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Volume 26 No. 202
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Illinois Governor Banking On Sports Betting To Fill Budget Holes

Illinois Gov. J.B. Pritzker is "counting on" $200M in licensing fees from legalized sports wagering to help plug a $3.2B hole in next year's state budget, but years of "failed efforts to expand gambling in Illinois suggest his plan is no sure thing," according to a front-page piece by Dan Petrella of the CHICAGO TRIBUNE. Pritzker last week called on lawmakers to "set aside their squabbles over new casinos and expanded betting options at horse tracks that have derailed previous gambling expansion measures, and pass a stand-alone bill to legalize wagering on sporting events." If lawmakers "act quickly, Illinois could be the first Midwestern state to do so." Pritzker's proposal has "yet to be put into bill form," but his plan "calls for creating 20 licenses for in-person or online sports betting that the state would sell" for $10M apiece. Companies granted licenses under the plan would be able to deduct up to $1.8M from what they "owe in sports wagering taxes for the first five years." Operators would also "pay a $5,000 annual renewal fee." Pritzker's plan also calls for a 20% "tax on sportsbooks' gross wagering revenue." If the state creates 20 licenses as Pritzker has proposed, each of Illinois' 10 casinos and three horse tracks "could be licensed to take bets" (CHICAGO TRIBUNE, 2/24).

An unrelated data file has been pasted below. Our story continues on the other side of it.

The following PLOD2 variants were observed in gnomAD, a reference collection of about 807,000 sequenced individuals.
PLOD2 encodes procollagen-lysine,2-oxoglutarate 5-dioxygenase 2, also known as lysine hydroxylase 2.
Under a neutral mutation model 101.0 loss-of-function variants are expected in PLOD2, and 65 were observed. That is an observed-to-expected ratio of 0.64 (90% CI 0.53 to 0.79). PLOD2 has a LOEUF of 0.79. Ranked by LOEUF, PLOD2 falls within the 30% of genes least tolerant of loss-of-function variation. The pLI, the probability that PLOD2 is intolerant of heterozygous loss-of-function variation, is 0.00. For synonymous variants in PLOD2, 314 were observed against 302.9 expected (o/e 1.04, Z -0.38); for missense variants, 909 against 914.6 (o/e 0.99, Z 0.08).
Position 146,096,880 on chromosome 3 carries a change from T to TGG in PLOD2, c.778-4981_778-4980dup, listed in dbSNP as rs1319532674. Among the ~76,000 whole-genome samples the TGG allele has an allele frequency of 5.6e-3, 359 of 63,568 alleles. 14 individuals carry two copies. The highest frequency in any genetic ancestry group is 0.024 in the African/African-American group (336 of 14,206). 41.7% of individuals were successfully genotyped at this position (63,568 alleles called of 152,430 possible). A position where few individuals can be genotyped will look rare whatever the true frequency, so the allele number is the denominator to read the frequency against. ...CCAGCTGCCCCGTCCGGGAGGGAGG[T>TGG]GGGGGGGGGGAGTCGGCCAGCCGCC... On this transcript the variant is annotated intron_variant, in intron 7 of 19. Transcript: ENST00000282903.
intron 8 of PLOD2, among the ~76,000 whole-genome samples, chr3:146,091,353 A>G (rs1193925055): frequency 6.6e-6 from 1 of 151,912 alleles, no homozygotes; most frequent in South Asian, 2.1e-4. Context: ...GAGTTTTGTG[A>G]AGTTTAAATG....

DROPPING THE ISSUE: In DC, Nirappil & DeBonis note U.S. Rep. William Clay (D-Mo.) "raised objections" to DC's plan to "award a sole source contract to run the city's new and potentially lucrative venture into online sports gambling." However, after concerns were made public Friday, U.S. Rep Eleanor Holmes Norton (D-DC) said that she had "persuaded him to drop the matter." Norton tweeted that she had spoken to Clay and that he is "not pursuing the inquiry." One of Norton's aides said that she believes Clay is "no longer seeking a response from the city" (WASHINGTON POST, 2/23).

RINGING ENDORSEMENT: In New Hampshire, Nick Stoico noted Gov. Chris Sununu earlier this month "voiced his support for legislation that would make betting on sports games legal under the supervision of the state's lottery commission." The bill's leading sponsor, State Rep. Timothy Lang, said that it was a "pleasant surprise to 'hear the shout-out from the governor.'" He added that HB480 would "legalize betting on professional sports and the majority" of D-I sports, but games involving New Hampshire colleges "would be excluded." The bill would "allow both mobile and retail gambling in the state" (CONCORD MONITOR, 2/24).